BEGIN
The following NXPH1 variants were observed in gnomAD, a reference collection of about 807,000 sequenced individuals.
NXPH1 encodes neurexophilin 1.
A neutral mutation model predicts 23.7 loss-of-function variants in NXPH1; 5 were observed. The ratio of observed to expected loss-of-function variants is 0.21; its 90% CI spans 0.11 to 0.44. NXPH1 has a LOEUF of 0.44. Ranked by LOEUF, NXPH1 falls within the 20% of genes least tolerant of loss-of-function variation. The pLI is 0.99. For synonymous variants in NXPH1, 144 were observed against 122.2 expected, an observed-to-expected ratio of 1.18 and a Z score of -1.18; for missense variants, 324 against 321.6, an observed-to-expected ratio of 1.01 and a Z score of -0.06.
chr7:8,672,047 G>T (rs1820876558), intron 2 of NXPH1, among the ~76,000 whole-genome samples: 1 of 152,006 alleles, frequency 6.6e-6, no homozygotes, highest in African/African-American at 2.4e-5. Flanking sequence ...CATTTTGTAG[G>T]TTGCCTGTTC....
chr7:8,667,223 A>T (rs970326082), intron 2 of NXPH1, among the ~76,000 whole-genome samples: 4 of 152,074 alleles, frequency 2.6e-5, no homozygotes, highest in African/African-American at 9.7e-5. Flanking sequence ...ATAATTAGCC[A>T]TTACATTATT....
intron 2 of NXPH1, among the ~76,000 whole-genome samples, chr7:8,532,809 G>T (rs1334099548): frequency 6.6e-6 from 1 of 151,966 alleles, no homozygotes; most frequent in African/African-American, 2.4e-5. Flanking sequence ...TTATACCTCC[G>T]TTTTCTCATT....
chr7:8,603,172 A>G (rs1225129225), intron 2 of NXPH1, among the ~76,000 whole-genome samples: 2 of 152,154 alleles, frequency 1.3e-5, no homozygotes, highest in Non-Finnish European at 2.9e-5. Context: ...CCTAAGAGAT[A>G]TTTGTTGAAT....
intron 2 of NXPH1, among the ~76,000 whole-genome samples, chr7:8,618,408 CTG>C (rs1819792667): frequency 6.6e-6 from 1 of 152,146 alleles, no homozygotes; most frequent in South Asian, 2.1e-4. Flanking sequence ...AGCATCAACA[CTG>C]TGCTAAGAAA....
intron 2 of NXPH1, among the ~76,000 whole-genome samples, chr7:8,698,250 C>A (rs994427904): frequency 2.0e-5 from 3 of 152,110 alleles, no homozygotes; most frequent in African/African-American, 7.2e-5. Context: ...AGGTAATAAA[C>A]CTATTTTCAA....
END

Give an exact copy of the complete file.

The following NXPH1 variants were observed in gnomAD, a reference collection of about 807,000 sequenced individuals.
NXPH1 encodes neurexophilin 1.
A neutral mutation model predicts 23.7 loss-of-function variants in NXPH1; 5 were observed. The ratio of observed to expected loss-of-function variants is 0.21; its 90% CI spans 0.11 to 0.44. NXPH1 has a LOEUF of 0.44. Ranked by LOEUF, NXPH1 falls within the 20% of genes least tolerant of loss-of-function variation. The pLI is 0.99. For synonymous variants in NXPH1, 144 were observed against 122.2 expected, an observed-to-expected ratio of 1.18 and a Z score of -1.18; for missense variants, 324 against 321.6, an observed-to-expected ratio of 1.01 and a Z score of -0.06.
chr7:8,672,047 G>T (rs1820876558), intron 2 of NXPH1, among the ~76,000 whole-genome samples: 1 of 152,006 alleles, frequency 6.6e-6, no homozygotes, highest in African/African-American at 2.4e-5. Flanking sequence ...CATTTTGTAG[G>T]TTGCCTGTTC....
chr7:8,667,223 A>T (rs970326082), intron 2 of NXPH1, among the ~76,000 whole-genome samples: 4 of 152,074 alleles, frequency 2.6e-5, no homozygotes, highest in African/African-American at 9.7e-5. Flanking sequence ...ATAATTAGCC[A>T]TTACATTATT....
intron 2 of NXPH1, among the ~76,000 whole-genome samples, chr7:8,532,809 G>T (rs1334099548): frequency 6.6e-6 from 1 of 151,966 alleles, no homozygotes; most frequent in African/African-American, 2.4e-5. Flanking sequence ...TTATACCTCC[G>T]TTTTCTCATT....
chr7:8,603,172 A>G (rs1225129225), intron 2 of NXPH1, among the ~76,000 whole-genome samples: 2 of 152,154 alleles, frequency 1.3e-5, no homozygotes, highest in Non-Finnish European at 2.9e-5. Context: ...CCTAAGAGAT[A>G]TTTGTTGAAT....
intron 2 of NXPH1, among the ~76,000 whole-genome samples, chr7:8,618,408 CTG>C (rs1819792667): frequency 6.6e-6 from 1 of 152,146 alleles, no homozygotes; most frequent in South Asian, 2.1e-4. Flanking sequence ...AGCATCAACA[CTG>C]TGCTAAGAAA....
intron 2 of NXPH1, among the ~76,000 whole-genome samples, chr7:8,698,250 C>A (rs994427904): frequency 2.0e-5 from 3 of 152,110 alleles, no homozygotes; most frequent in African/African-American, 7.2e-5. Context: ...AGGTAATAAA[C>A]CTATTTTCAA....